According to TrendForce, China’s smartphone industry has been expanding at an annual clip of 50% since its inception in 2011, with its global market share reaching 38.6% in 2014. That year, the three leading Chinese brands – Lenovo, Huawei, and Xiaomi – each delivered over 60 million units, joining Samsung, Apple, and LG on Trendforce’s list of top smartphone brands. Their shipments are expected to rise to over 530 million units in 2015.
By 2012, heightened competition in the top-tier segment from Apple and Samsung led HTC to shift focus towards emerging markets. But here they faced another challenge; as latecomers in entering China, India, and other markets, they had to play catch up. And China’s rising sophistication in branded electronics eroded HTC’s quality advantage, while production located in higher cost Taiwan put the company at a price disadvantage.
The old strategy of offering better quality at a lower price – the strategy employed by Taiwan’s electronics industry across many segments – was no longer working. “In the mid-to-high-end markets, HTC was squeezed by Apple and Samsung, and in the middle to low-end, it was squeezed by the Chinese vendors and manufacturers,” observes IEK’s Yeh.
The impact on HTC’s finances has been dramatic. In 2013, the company suffered a net loss of NT$1.329 billion (US$44.3 million), on sales of NT$203.4 billion (US$7.7 billion), and its share price began its inexorable slide from 2011 high of NT$1,238 to its closing price of NT$147 on February 11. By 2013, HTC had dropped to 11th place in terms of market share, trailing far behind market leaders Samsung and Apple, at 31.6% and 15.5% respectively.
The numbers improved in 2014, with fourth-quarter results showing revenues up 12% year-on-year to reach NT$47.9 billion (US$1.5 billion), with slim profits of NT$500 million (US$15.9 million). It marked HTC’s third consecutive quarter of profitability. The company is estimated to have earned after-tax net profits of NT$1.81 per share in 2014, much better than the NT$1.6 per share in the red in 2013.
As HTC’s business stabilizes, diversifying its product lines will hopefully expand its range and increase sales. At the product release of the Re in New York City last November, Peter Chou noted that the camera is an outcome of an R&D effort that has focused on audio and image in recent years. Cher Wang noted in media interviews that Re is a natural extension of HTC’s innovation from mobile phones into the budding sector of mobile devices, adding that the company will offer even more such devices in the future.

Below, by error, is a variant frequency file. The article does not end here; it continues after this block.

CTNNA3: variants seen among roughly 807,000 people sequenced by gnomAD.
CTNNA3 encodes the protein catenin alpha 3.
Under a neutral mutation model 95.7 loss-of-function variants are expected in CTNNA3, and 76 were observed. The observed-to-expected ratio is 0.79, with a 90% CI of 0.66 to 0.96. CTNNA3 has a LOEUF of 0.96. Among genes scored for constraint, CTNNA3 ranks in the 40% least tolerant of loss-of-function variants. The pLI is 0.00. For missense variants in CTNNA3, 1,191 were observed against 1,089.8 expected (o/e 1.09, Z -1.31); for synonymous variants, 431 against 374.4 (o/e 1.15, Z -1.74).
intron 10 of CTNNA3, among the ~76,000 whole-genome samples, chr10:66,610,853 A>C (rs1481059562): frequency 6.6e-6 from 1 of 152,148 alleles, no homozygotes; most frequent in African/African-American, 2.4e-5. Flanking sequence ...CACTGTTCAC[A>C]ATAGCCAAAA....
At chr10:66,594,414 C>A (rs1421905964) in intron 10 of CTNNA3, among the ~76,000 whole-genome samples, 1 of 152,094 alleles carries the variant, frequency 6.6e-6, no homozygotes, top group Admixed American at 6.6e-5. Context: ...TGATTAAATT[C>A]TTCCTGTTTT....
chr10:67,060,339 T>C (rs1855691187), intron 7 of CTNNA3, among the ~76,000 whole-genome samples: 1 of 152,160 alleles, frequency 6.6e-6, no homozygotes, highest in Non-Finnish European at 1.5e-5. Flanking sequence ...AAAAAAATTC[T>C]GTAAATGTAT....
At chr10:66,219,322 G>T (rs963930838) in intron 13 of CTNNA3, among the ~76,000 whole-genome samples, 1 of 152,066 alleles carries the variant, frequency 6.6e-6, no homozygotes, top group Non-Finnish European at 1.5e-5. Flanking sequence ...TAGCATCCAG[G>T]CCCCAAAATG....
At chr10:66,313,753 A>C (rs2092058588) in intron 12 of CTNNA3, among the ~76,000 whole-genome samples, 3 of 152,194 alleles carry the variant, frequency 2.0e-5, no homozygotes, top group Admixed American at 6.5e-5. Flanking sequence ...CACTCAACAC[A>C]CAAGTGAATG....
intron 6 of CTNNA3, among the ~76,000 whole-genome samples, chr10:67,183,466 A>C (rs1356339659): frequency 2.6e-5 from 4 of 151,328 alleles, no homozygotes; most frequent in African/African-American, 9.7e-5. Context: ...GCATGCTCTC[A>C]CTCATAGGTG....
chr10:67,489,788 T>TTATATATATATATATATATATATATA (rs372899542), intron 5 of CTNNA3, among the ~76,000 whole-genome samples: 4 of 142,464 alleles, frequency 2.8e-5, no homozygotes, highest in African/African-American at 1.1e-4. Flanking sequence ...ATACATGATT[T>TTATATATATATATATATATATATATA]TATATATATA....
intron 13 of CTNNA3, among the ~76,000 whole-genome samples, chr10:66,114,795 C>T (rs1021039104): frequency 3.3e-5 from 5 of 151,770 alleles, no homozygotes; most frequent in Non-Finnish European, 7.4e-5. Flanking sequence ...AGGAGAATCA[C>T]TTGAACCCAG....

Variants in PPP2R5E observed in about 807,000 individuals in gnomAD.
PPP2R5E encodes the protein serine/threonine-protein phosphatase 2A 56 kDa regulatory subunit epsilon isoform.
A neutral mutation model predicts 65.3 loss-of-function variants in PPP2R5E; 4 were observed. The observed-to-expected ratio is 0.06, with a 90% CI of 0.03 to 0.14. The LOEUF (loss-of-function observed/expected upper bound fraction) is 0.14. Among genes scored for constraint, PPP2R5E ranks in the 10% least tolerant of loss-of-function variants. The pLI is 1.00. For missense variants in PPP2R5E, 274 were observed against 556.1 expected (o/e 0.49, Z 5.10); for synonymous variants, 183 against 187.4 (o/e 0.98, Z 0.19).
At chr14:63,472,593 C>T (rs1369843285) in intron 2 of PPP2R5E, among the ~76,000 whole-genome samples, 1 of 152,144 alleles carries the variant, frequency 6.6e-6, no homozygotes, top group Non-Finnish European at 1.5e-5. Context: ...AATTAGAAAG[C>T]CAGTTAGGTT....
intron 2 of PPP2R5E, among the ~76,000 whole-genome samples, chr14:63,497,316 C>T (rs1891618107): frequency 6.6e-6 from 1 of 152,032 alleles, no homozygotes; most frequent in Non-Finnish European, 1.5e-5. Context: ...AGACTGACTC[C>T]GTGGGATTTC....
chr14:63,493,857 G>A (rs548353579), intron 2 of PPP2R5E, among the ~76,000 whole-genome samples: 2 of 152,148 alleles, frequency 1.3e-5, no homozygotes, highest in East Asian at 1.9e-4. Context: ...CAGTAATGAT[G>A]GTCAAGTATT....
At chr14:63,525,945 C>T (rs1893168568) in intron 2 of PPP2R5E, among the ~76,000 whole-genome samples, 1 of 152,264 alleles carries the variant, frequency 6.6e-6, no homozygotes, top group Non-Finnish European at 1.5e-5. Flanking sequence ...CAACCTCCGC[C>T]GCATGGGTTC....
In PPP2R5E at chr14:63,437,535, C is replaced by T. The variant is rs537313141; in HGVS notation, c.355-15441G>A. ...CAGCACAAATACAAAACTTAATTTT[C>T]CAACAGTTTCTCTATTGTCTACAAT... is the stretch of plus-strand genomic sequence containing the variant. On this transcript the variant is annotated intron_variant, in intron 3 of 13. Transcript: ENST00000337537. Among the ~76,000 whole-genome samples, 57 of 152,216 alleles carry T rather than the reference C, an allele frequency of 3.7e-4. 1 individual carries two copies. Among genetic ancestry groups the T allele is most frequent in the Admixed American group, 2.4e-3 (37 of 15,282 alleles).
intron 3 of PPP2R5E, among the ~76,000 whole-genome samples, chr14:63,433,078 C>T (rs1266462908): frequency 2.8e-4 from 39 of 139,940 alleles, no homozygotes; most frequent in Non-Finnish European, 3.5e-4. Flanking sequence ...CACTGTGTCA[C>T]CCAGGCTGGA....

On other occasions, Chou has stressed HTC’s intention to create new value by rolling out cloud-based products and other non-smartphone products.
Another example of the company’s diversification strategy is its contract production of Google’s latest tablet-PC model Nexus 9, marking the resumption of tablet production following the disappointing performance of its two own-brand models two years ago. As HTC’s shipments are down across its product lines, the return to contract manufacturing is apparently meant to bolster its output volume for the sake of economies of scale. HTC has more involvement in Nexus 9 than a pure contract producer, though, since the device is furnished with HTC’s proprietary BoomSound stereo speaker. In addition, HTC can sell the tablet under its own brand in markets approved by Google. Market reception to Nexus 9, notably in Japan and the U.K., has been satisfactory, as shown by initial supply shortages.
The earlier-mentioned partnership with Under Armor is aimed at promoting the U.S. company’s UA Record brand of fitness apps, including popular fitness tracking app MapMyRide. While neither Under Armor nor HTC has disclosed exactly what devices HTC will produce, tech blogs predict it will likely be a line of wristwatch-type devices. According to the HTC website, Robin Thurston, Under Armour’s senior vice president in charge of its Connected Fitness brand, cited HTC’s “fearless commitment to innovation” and its “attention to detail and premium design” as reasons the company chose HTC as its partner.
To back up its innovation, HTC last April set up a Creative Lab in its R&D center in Seattle, boasting a workforce of 250, dedicated to software development. In addition, Cher Wang signed an agreement with China’s Guizhou provincial government in October for establishing a big-data online precision marketing and interactive center in a hi-tech industrial park.
While HTC is trying to bolster its bottom line with new product lines, it is also strengthening its smartphone offerings. The company launched two new smartphone models at the end of 2014, the Desire Eye and Desire 820, both targeting the medium-price sector. The two models supplement Butterfly 2, the company’s high-end flagship model, and the mid-level model HTC One M8. HTC is vigorously pushing the models worldwide, especially in the emerging markets of China, India, and Southeast Asia. Media reports say that HTC will launch new models at the Mobile World Congress in Barcelona Spain this month, as well as a smartwatch. The number of new models underscores the company’s resolve to revitalize its presence on the global smartphone market.
Among HTC’s biggest shortcomings has been what experts see as mediocre marketing. HTC has strived to project a distinct brand image and retain loyal followers by employing international celebrities as spokespeople, such as actor Robert Downey Jr., in the second half of 2013, at a cost of NT$360 million (US$12 million), and baseball star Robinson Cano, at an undisclosed cost. But the results were roundly criticized as being confusing and did little to stimulate sales.
Aware of the weakness in marketing, Cher Wang took over the task herself during a top-management reshuffle in the fourth quarter of 2013, leaving Peter Chou to concentrate on product design and development. The effort so far has produced only limited success at best, according to market observers.
Most securities analysts are still harboring a conservative outlook for HTC, predicting a low share price range of NT$90-100 in the coming 12 months. Kao Hsin-shan, tech-industry analyst at Barclays Securities Taiwan, for instance, notes that despite changes in the product lineup, HTC’s gross margin will remain low, as acute competition, notably in China and India, will continue to dampen the profit level.
Market observers hesitate to predict that HTC’s new moves can propel the company back to the top of the consumer tech game. But noting that Cher Wang still has the “brand name dream,” and based on the firm’s improved performance over the past half year and renewed emphasis on product diversification and emerging markets, neither are they are dismissing the possibility out of hand.